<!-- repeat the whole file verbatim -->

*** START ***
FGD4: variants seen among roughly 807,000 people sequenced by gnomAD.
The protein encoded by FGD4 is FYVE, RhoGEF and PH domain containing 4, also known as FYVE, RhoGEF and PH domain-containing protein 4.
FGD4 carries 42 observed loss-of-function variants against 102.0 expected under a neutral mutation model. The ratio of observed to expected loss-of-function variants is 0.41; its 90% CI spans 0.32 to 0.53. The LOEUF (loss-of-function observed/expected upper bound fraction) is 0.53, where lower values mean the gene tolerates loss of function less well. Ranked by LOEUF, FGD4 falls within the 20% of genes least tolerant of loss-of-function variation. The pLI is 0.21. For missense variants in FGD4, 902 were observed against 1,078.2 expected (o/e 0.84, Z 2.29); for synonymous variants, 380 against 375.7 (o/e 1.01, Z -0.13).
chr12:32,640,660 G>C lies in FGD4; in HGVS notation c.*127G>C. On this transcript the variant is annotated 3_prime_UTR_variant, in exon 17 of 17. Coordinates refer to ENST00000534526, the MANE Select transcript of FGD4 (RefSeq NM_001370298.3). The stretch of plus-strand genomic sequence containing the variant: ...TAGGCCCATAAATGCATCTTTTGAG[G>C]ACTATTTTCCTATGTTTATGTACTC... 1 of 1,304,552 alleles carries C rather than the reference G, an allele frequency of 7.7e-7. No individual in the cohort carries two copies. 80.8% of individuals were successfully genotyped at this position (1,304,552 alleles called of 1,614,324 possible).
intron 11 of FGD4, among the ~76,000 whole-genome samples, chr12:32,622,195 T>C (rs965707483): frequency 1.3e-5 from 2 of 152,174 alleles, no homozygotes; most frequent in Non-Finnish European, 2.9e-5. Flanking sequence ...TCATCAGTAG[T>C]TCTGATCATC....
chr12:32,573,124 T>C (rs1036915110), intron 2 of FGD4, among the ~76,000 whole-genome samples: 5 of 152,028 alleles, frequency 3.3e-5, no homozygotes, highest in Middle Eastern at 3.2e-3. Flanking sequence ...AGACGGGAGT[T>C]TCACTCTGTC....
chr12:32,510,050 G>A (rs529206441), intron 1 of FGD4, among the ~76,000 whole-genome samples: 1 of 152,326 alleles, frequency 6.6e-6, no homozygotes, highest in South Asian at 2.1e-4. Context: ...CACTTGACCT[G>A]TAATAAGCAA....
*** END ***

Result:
FGD4: variants seen among roughly 807,000 people sequenced by gnomAD.
The protein encoded by FGD4 is FYVE, RhoGEF and PH domain containing 4, also known as FYVE, RhoGEF and PH domain-containing protein 4.
FGD4 carries 42 observed loss-of-function variants against 102.0 expected under a neutral mutation model. The ratio of observed to expected loss-of-function variants is 0.41; its 90% CI spans 0.32 to 0.53. The LOEUF (loss-of-function observed/expected upper bound fraction) is 0.53, where lower values mean the gene tolerates loss of function less well. Ranked by LOEUF, FGD4 falls within the 20% of genes least tolerant of loss-of-function variation. The pLI is 0.21. For missense variants in FGD4, 902 were observed against 1,078.2 expected (o/e 0.84, Z 2.29); for synonymous variants, 380 against 375.7 (o/e 1.01, Z -0.13).
chr12:32,640,660 G>C lies in FGD4; in HGVS notation c.*127G>C. On this transcript the variant is annotated 3_prime_UTR_variant, in exon 17 of 17. Coordinates refer to ENST00000534526, the MANE Select transcript of FGD4 (RefSeq NM_001370298.3). The stretch of plus-strand genomic sequence containing the variant: ...TAGGCCCATAAATGCATCTTTTGAG[G>C]ACTATTTTCCTATGTTTATGTACTC... 1 of 1,304,552 alleles carries C rather than the reference G, an allele frequency of 7.7e-7. No individual in the cohort carries two copies. 80.8% of individuals were successfully genotyped at this position (1,304,552 alleles called of 1,614,324 possible).
intron 11 of FGD4, among the ~76,000 whole-genome samples, chr12:32,622,195 T>C (rs965707483): frequency 1.3e-5 from 2 of 152,174 alleles, no homozygotes; most frequent in Non-Finnish European, 2.9e-5. Flanking sequence ...TCATCAGTAG[T>C]TCTGATCATC....
chr12:32,573,124 T>C (rs1036915110), intron 2 of FGD4, among the ~76,000 whole-genome samples: 5 of 152,028 alleles, frequency 3.3e-5, no homozygotes, highest in Middle Eastern at 3.2e-3. Flanking sequence ...AGACGGGAGT[T>C]TCACTCTGTC....
chr12:32,510,050 G>A (rs529206441), intron 1 of FGD4, among the ~76,000 whole-genome samples: 1 of 152,326 alleles, frequency 6.6e-6, no homozygotes, highest in South Asian at 2.1e-4. Context: ...CACTTGACCT[G>A]TAATAAGCAA....